Any casual glance at bookstore shelves will prove that zombie fiction—those stories involving the dead who are brought back to life, usually with the single-minded aim of killing the living and feasting on them—is, er, alive and well. It's not just books either; between The Walking Dead returning with its television mid-season premiere and the zombie mash-up Pride and Prejudice and Zombies appearing on theater screens, it's hard to not notice it.
Those new to zombie fiction might want to use short fiction as a way to test the waters and see if it's their cup of tea. You get the benefit of a good story without the time commitment to something novel-length.
This Year's Class Picture by Dan Simmons is a beautifully written novella about a dedicated fourth-grade teacher who goes to extraordinary lengths to make sure her students are presented with every opportunity to learn, even though they are zombies. Ms. Geiss rewards her students with bits of human flesh and fends off adult zombies with her trusty rifle as she tries to maintain a sense of normalcy during the zombie apocalypse.
Isaac Marion's The New Hunger is a novella-sized sequel to Warm Bodies, a zombie love story that was adapted to film. In The New Hunger, a 12 year-old girl and her parents drive a cross a post-apocalyptic America looking for a new and hopefully safe home. Then there's 16 year-old Nora, who finds herself abandoned by her parents and left to care for her brother by herself. The final point-of-view character is a zombie who searches for the meaning of his existence and the identity he had before he died.
The Zombie Stories of H. P. Lovecraft collects six of Lovecraft's undead stories originally published between 1921 and 1931. (So noted in case you thought zombie stories were a new fad.) The stories feature Lovecraft's popular Frankenstein satire "Herbert West - Reanimator", which features a doctor who saw the human body as a machine that could simply be restarted after death. That story was the basis for the 1985 cult classic horror film Re-Animator.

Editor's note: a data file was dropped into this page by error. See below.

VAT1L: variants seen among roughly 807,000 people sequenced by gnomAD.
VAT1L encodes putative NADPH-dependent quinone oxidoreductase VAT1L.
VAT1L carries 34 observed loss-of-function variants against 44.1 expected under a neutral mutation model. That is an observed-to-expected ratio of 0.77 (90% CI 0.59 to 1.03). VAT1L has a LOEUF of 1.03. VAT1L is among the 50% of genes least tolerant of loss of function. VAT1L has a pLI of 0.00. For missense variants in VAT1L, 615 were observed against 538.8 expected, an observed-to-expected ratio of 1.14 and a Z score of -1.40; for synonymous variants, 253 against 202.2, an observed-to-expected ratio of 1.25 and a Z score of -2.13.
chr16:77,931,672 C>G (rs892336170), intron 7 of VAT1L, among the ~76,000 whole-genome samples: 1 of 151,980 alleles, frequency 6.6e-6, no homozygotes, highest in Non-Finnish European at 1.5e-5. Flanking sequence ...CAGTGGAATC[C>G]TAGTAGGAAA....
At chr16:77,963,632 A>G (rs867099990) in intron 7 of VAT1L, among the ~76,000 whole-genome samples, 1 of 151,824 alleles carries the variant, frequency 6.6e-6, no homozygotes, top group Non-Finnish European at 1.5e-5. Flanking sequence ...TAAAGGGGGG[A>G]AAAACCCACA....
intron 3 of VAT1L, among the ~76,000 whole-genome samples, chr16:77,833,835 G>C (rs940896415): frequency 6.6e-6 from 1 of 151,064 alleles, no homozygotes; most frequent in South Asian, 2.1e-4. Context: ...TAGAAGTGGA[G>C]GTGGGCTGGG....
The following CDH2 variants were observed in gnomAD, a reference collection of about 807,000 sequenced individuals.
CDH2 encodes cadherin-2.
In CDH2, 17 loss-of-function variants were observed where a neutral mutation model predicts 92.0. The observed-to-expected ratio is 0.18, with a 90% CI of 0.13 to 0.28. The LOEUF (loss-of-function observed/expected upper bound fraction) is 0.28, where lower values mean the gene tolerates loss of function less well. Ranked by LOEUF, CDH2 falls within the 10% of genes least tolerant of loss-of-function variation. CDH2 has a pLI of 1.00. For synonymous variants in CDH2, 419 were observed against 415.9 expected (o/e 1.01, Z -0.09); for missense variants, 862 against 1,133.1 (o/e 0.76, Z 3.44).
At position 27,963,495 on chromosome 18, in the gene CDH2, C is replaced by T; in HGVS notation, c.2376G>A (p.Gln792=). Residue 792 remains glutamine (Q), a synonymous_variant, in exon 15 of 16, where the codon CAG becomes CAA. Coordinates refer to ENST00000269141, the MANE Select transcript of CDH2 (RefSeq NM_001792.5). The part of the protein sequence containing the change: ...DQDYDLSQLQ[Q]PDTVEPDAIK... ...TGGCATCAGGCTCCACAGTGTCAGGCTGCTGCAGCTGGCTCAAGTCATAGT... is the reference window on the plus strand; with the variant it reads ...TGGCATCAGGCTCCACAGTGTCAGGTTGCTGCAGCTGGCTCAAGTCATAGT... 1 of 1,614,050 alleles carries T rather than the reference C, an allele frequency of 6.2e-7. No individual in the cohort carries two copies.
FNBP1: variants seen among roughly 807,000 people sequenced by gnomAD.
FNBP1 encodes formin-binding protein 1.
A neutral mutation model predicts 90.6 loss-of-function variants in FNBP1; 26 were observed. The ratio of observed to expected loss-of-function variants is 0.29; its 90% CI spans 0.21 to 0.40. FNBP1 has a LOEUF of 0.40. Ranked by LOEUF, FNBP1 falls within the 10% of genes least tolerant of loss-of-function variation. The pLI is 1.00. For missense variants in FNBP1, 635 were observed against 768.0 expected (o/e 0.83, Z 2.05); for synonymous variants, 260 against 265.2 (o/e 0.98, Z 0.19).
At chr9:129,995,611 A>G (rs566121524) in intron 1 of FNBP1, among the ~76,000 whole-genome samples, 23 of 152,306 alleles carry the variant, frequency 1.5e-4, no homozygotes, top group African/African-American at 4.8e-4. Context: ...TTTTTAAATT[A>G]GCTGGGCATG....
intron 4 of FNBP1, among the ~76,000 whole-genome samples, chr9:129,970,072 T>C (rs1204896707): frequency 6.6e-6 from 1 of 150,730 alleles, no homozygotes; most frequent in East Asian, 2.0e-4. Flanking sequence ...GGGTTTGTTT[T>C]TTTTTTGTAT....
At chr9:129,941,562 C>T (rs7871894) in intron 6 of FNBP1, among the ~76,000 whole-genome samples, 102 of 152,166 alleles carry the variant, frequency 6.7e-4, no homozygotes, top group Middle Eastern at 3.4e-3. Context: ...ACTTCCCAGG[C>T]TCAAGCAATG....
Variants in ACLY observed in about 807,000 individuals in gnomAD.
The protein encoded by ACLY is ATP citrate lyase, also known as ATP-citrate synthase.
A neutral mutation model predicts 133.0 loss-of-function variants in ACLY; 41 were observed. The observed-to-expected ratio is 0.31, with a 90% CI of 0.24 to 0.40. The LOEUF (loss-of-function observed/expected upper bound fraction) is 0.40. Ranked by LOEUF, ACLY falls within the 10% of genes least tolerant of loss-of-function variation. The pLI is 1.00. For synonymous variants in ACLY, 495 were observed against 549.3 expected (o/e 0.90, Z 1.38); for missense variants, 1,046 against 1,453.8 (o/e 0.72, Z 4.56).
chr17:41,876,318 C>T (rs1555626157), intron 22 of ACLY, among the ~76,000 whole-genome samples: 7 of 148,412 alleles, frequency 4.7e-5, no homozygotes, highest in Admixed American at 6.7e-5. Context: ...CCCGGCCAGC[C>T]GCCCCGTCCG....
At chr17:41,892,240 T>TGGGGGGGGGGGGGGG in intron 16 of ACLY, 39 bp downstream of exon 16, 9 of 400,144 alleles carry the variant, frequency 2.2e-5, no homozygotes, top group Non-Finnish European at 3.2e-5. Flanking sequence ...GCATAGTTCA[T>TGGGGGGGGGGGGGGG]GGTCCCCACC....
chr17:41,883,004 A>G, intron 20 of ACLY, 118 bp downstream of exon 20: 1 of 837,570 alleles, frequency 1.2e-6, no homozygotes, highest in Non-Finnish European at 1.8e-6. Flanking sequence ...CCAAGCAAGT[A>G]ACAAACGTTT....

There's novel-length zombie fiction, too!
Keying off the popular television series The Walking Dead, which was in turn spawned from the popular comic series, Jay Bonansinga's latest novel set in that universe, Robert Kirkman's The Walking Dead: Invasion, features two opposing camps of zombie apocalypse survivors, the most opportunistic of which has assembled a mass of zombies to act as his unwitting soldiers in a battle for supremacy.
In Positive by David Wellington, humans are not only branded if they are susceptible to a zombie virus, they are also kept in camps away from the rest of humanity. A young man named Finn will pass the incubation period on his twenty first birthday. On his way to one of those camps, he is ambushed and tries to survive against the zombie hordes and—even more dangerous—fearful humans.
Alison Littlewood's Zombie Apocalypse! features the rich and powerful earning their keep around an exclusive hotel on the coast of Acapulco. They are invited to the luxury hotel when the zombie apocalypse breaks out. They never imagined that they'd be fighting the undead and each other for their very survival.
The Dead Won't Die by Joe Mckinney (the latest in his well-received Deadlands zombie series) takes places years after the zombie apocalypse, after humanity has been divided and relegated to a handful of survivor communities with harsh rules for safety. Meanwhile, scientists at an island research facility off the coast of Texas offer sanctuary, supplies and hope to one desperate trio of survivors. But hopes are dashed when they learn what the scientists are really doing, and how their gruesome experiments could unleash even more armies of the undead.
The final entry in John Ringo's Black Tide Rising series, where the zombie apocalypse was brought about by a devastating plague, is Strands of Sorrow, in which a hardened group of survivors fight back against the plague. In this mash-up of military and zombie fiction, the so-called Wolf Squadron plans on taking back the lands of North America from the ravaging undead.
A little more tongue-in-decaying-cheek is Diana Rowland's White Trash Zombie Gone Wild in which the series' undead protagonist, Angel Crawford, hunts for a killer who decapitates his victims. This leads her to discover a scheme meant to expose zombies to the public and destroy the life she's built.